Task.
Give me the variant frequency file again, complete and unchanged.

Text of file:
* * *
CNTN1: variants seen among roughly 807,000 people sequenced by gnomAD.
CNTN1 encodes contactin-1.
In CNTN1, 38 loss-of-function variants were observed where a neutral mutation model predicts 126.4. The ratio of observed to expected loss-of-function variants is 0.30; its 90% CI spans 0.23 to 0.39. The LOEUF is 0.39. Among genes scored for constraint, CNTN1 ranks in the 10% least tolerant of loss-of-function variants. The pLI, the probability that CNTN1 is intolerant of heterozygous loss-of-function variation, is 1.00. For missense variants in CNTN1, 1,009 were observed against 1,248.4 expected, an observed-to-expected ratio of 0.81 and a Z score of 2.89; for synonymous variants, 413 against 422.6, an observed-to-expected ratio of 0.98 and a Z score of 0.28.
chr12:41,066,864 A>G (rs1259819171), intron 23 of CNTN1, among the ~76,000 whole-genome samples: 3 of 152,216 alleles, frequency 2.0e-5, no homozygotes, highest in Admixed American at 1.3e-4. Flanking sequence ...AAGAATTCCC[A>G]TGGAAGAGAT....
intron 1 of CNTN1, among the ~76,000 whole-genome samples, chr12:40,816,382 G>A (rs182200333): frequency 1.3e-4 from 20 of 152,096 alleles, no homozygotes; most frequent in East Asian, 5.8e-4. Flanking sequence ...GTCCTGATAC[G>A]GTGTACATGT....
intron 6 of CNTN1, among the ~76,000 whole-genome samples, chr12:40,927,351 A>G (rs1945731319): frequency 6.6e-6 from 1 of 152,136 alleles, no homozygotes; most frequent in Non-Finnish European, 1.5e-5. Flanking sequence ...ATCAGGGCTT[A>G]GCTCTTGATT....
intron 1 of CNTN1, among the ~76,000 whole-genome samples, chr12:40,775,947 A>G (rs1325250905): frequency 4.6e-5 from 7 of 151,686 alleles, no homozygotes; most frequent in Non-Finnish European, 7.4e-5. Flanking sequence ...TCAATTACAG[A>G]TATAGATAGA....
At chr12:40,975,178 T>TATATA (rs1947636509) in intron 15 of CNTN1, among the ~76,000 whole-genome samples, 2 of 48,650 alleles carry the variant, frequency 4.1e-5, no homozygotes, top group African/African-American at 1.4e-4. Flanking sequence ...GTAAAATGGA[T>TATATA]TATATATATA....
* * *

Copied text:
CNTN1: variants seen among roughly 807,000 people sequenced by gnomAD.
CNTN1 encodes contactin-1.
In CNTN1, 38 loss-of-function variants were observed where a neutral mutation model predicts 126.4. The ratio of observed to expected loss-of-function variants is 0.30; its 90% CI spans 0.23 to 0.39. The LOEUF is 0.39. Among genes scored for constraint, CNTN1 ranks in the 10% least tolerant of loss-of-function variants. The pLI, the probability that CNTN1 is intolerant of heterozygous loss-of-function variation, is 1.00. For missense variants in CNTN1, 1,009 were observed against 1,248.4 expected, an observed-to-expected ratio of 0.81 and a Z score of 2.89; for synonymous variants, 413 against 422.6, an observed-to-expected ratio of 0.98 and a Z score of 0.28.
chr12:41,066,864 A>G (rs1259819171), intron 23 of CNTN1, among the ~76,000 whole-genome samples: 3 of 152,216 alleles, frequency 2.0e-5, no homozygotes, highest in Admixed American at 1.3e-4. Flanking sequence ...AAGAATTCCC[A>G]TGGAAGAGAT....
intron 1 of CNTN1, among the ~76,000 whole-genome samples, chr12:40,816,382 G>A (rs182200333): frequency 1.3e-4 from 20 of 152,096 alleles, no homozygotes; most frequent in East Asian, 5.8e-4. Flanking sequence ...GTCCTGATAC[G>A]GTGTACATGT....
intron 6 of CNTN1, among the ~76,000 whole-genome samples, chr12:40,927,351 A>G (rs1945731319): frequency 6.6e-6 from 1 of 152,136 alleles, no homozygotes; most frequent in Non-Finnish European, 1.5e-5. Flanking sequence ...ATCAGGGCTT[A>G]GCTCTTGATT....
intron 1 of CNTN1, among the ~76,000 whole-genome samples, chr12:40,775,947 A>G (rs1325250905): frequency 4.6e-5 from 7 of 151,686 alleles, no homozygotes; most frequent in Non-Finnish European, 7.4e-5. Flanking sequence ...TCAATTACAG[A>G]TATAGATAGA....
At chr12:40,975,178 T>TATATA (rs1947636509) in intron 15 of CNTN1, among the ~76,000 whole-genome samples, 2 of 48,650 alleles carry the variant, frequency 4.1e-5, no homozygotes, top group African/African-American at 1.4e-4. Flanking sequence ...GTAAAATGGA[T>TATATA]TATATATATA....